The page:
OUT OF THE ROOM
May 10, 2016
By Audrey Fraizer
Two dispatchers are sitting in the break room. One asks the other: “So, why do you think we need incident dispatch?”
The other dispatcher, who happens to be Portland Regional Communications Center (Portland, Maine) Supervisor Anthony Favreau, answers: “Because it gets the incident out of the room.”
That, in a sentence, is a major reason Favreau favors taking dispatchers trained in incident dispatch out of the communication center and on the road to manage resources on scene from a command post during a major incident.
“Phones don’t stop ringing inside the center because you have a building fire or mass shooting,” Favreau said. “No, the phones keep ringing and everything else your center usually handles doesn’t go away.”
Favreau has been in dispatch for his entire career, and he is specially trained to provide crucial incident dispatch during a large-scale emergency. As part of an incident dispatch team (IDT), he assumes tasks that had previously been assigned to line staff that, in turn, is now able to resume tactical operating. The IDT may also provide status support, resource tracking and accountability, and just plain “know how” in finding information from dispatch experience.
Take for instance a three-alarm apartment fire in Portland on Nov. 1, 2014, that killed six adults in their 20s. The number of apartments and the difficulty of knowing the names of people visiting (non-residents) when the fire occurred complicated identifying the dead on scene.
That’s where Favreau’s experience shined.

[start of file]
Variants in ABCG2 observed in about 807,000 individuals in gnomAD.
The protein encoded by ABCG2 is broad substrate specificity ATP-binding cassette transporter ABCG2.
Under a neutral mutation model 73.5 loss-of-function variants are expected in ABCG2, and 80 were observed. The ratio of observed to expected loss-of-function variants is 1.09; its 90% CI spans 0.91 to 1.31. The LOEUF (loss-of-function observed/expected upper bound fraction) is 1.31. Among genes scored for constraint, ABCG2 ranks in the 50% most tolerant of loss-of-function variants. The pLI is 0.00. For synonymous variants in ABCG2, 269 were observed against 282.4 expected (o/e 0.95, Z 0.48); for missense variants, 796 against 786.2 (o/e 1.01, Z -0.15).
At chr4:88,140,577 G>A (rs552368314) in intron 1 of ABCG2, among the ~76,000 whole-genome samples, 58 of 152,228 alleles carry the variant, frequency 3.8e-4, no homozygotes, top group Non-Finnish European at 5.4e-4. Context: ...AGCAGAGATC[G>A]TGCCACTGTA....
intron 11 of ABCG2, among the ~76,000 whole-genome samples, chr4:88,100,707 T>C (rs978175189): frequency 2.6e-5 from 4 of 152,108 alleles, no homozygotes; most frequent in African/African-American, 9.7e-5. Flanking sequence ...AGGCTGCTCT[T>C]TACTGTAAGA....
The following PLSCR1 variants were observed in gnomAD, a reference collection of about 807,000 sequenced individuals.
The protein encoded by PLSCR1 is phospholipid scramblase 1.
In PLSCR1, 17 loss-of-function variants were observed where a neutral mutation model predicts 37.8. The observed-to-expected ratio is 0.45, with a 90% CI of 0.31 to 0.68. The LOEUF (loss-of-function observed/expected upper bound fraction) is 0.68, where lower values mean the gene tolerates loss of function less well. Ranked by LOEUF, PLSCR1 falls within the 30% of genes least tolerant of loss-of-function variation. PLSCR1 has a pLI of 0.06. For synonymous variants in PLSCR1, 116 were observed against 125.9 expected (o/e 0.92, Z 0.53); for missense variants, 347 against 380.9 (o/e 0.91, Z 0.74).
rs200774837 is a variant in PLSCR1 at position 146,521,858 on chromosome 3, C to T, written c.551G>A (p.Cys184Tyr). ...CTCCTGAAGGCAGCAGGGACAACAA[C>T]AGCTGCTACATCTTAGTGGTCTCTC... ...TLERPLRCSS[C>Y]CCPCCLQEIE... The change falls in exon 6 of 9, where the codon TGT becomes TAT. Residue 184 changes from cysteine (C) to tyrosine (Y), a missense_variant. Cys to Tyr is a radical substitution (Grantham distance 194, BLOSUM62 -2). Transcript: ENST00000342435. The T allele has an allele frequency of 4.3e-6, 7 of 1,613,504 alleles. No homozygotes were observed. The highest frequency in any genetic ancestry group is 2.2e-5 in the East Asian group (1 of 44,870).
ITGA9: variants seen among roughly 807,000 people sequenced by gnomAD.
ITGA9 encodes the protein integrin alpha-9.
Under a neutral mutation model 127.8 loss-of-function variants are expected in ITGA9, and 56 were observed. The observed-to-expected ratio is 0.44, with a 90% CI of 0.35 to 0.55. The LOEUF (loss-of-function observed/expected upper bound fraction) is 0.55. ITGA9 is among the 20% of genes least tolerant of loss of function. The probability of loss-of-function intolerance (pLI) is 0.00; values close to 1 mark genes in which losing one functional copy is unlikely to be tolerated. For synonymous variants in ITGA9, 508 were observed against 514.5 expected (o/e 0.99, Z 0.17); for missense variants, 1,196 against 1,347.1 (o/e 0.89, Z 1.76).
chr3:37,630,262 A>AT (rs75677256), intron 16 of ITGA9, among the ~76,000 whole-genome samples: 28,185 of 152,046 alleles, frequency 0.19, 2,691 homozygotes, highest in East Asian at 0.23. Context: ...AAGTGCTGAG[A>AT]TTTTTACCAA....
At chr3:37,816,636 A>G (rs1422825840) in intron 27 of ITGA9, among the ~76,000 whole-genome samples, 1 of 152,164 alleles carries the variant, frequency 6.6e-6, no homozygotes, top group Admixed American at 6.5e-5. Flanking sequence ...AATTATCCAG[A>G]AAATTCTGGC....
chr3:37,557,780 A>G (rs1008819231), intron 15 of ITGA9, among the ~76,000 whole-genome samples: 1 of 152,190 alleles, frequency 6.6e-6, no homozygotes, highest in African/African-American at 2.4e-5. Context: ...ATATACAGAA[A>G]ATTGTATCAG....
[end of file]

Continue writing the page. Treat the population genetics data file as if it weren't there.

“I assisted with other support from the center to help identify four of the deceased persons from resources available,” Favreau said.
He also emphasized the help provided by people at the communication center.
Favreau spent nearly 16 hours at the scene, which, he said, stands out as a qualifier for selecting an incident dispatch team from available staff. It’s not a good fit for a “40-hour” person who packs up at the end of a shift, nor for someone who likes the day-to-day routine of claiming a favorite chair for sitting out the shift at a CAD. A less-than-professional demeanor is also unfavorable.
“We have people [in high places] coming into the command center,” Favreau said. “You want to make sure the people well represent your agency. You want the best and the brightest.”
And you want to keep the best and brightest working for your agency, said Dave Larton, First Contact 911 instructor and 35-year emergency response veteran.
“You have to give them opportunity,” said Larton, whose credentials include certified incident communication center manager and founder of the National Incident Dispatchers Association. “These are people who want to give the extra. They like being part of a team, and anything you can do that adds to the job keeps the best people around for a longer time.”
While motivation is essential, it also helps to have the appropriate equipment available. For example, Portland’s $500,000 mobile command unit doubles as a conference and communications center and as backup for the dispatch center. Portland and South Portland police and fire have access to the unit.
If a mobile unit is not within budget, there’s always the option of working from a laptop from the back of a police chief’s vehicle or—for the really dedicated and adventurous dispatcher—signing up for TERT (Telecommunicator Emergency Response Task force). Dispatchers qualifying for TERT respond to large scale, multi- jurisdictional emergencies, such as Hurricane Katrina.
“When you think you’re really good at your job, TERT lets you take it to the next level,” Larton said. “Sometimes it scares me half to death going where the radio frequencies, CADs, and voices are different from I’m used to, but if it sounds like a great challenge to you, sign up. We’d love to have you.”
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